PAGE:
- Be sure that your mentees are allowed to set some – or all – of their own goals. Many programs will choose to structure IDPs around academic learning outcomes or professional competencies, and this is a good approach to making sure that graduate students and postdocs are getting what they came for. However, the IDP process should also give them space to explore and set their own goals.
After you have met with your mentee:
- Follow through with what your mentee indicated was his/her preferred method and frequency for feedback, e.g. monthly meets to check in on progress. At a minimum, you should talk with your mentee about his/her IDP once per year.
- Log the meeting in the online IDP Reporting System. In order to help you and your mentees keep track of conversations you’ve had about the IDP, the Graduate School has developed an online tool for logging these interactions. This tool will also assist PIs and grants administrators to verify that IDPs are in places.
Additionally, the following faculty members are available to talk with you about their experiences using IDPs:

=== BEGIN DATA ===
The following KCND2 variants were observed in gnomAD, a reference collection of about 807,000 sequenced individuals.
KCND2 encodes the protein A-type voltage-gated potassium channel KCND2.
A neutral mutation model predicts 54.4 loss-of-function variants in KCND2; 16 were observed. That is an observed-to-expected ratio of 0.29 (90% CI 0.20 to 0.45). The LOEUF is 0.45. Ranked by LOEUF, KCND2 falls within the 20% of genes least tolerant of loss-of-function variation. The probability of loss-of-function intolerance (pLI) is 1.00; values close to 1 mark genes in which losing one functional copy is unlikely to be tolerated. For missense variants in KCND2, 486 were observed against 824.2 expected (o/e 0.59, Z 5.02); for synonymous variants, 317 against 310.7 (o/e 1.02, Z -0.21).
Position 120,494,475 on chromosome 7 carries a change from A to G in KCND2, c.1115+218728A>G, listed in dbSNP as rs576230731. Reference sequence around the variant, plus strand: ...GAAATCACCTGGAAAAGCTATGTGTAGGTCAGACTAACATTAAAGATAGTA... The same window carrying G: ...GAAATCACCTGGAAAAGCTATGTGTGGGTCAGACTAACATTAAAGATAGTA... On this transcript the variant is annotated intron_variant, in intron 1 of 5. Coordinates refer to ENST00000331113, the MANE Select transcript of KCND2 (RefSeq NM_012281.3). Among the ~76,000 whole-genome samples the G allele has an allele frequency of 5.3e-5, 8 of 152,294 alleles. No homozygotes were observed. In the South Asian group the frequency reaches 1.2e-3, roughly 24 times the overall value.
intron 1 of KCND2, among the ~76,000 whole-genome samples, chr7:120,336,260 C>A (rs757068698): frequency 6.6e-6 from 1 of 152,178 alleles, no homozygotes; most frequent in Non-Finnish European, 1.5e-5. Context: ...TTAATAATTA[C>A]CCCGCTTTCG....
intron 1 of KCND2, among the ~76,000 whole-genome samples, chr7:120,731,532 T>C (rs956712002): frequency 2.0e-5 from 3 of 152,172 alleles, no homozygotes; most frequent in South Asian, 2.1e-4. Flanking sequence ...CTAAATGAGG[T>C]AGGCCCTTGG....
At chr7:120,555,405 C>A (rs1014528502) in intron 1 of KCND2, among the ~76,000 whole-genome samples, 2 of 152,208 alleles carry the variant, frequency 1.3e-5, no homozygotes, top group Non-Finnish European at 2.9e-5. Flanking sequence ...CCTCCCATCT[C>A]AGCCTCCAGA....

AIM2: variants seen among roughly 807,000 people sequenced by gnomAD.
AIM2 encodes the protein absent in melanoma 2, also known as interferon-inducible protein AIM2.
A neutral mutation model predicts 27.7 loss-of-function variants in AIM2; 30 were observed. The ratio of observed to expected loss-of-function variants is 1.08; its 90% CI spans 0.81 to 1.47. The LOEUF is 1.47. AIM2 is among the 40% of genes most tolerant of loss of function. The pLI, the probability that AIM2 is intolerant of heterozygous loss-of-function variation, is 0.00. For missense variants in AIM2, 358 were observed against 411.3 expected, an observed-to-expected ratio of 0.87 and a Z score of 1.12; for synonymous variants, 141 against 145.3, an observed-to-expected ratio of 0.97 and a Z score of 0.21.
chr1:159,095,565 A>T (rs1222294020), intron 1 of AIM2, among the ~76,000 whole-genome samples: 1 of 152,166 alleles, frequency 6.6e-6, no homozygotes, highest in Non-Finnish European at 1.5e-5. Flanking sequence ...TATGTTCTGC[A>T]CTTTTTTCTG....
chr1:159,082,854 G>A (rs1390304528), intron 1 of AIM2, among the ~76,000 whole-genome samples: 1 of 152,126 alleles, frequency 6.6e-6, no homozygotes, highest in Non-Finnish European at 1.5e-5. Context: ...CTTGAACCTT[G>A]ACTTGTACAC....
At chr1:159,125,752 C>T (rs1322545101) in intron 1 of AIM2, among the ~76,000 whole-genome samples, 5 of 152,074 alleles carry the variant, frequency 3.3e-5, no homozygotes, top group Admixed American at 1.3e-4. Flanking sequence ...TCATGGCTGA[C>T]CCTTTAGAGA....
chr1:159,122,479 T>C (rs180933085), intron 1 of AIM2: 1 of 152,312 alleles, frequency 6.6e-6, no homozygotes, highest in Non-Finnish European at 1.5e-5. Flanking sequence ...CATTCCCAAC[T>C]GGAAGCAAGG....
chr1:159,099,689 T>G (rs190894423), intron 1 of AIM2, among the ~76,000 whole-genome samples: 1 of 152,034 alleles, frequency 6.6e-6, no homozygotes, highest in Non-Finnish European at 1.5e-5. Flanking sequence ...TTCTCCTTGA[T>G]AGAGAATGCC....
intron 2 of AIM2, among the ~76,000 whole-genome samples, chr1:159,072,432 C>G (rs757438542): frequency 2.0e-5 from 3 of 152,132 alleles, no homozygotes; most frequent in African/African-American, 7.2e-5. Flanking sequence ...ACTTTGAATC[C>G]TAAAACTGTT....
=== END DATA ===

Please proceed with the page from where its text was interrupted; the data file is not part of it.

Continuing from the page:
- Dr. Alan Rapraeger, Professor, Department of Human Oncology; Director, Office of Postdoctoral Studies, School of Medicine and Public Health – firstname.lastname@example.org
- Dr. Zsuzsanna Fabry, Professor, Department of Pathology and Laboratory Medicine; Cellular and Molecular Pathology Graduate Program Chair – email@example.com.
- Dr. David Wassarman, Professor, Cell and Regenerative Biology; Chair, Graduate Program in Cellular and Molecular Biology – firstname.lastname@example.org.
Locke, E. A. & Latham, G. P. (2002). Building a practically useful theory of goal setting and task motivation: a 35-year odyssey. American Psychologist, 57, 705-717.
Gollwitzer P. M. (1999). Implementation intentions: strong effects of simple plans. American Psychologist, 54, 493-503.
Seijts, G. H. & Latham, G. P. (2012). Knowing when to set learning versus performance goals. Organizational Dynamics, 41, 1-6.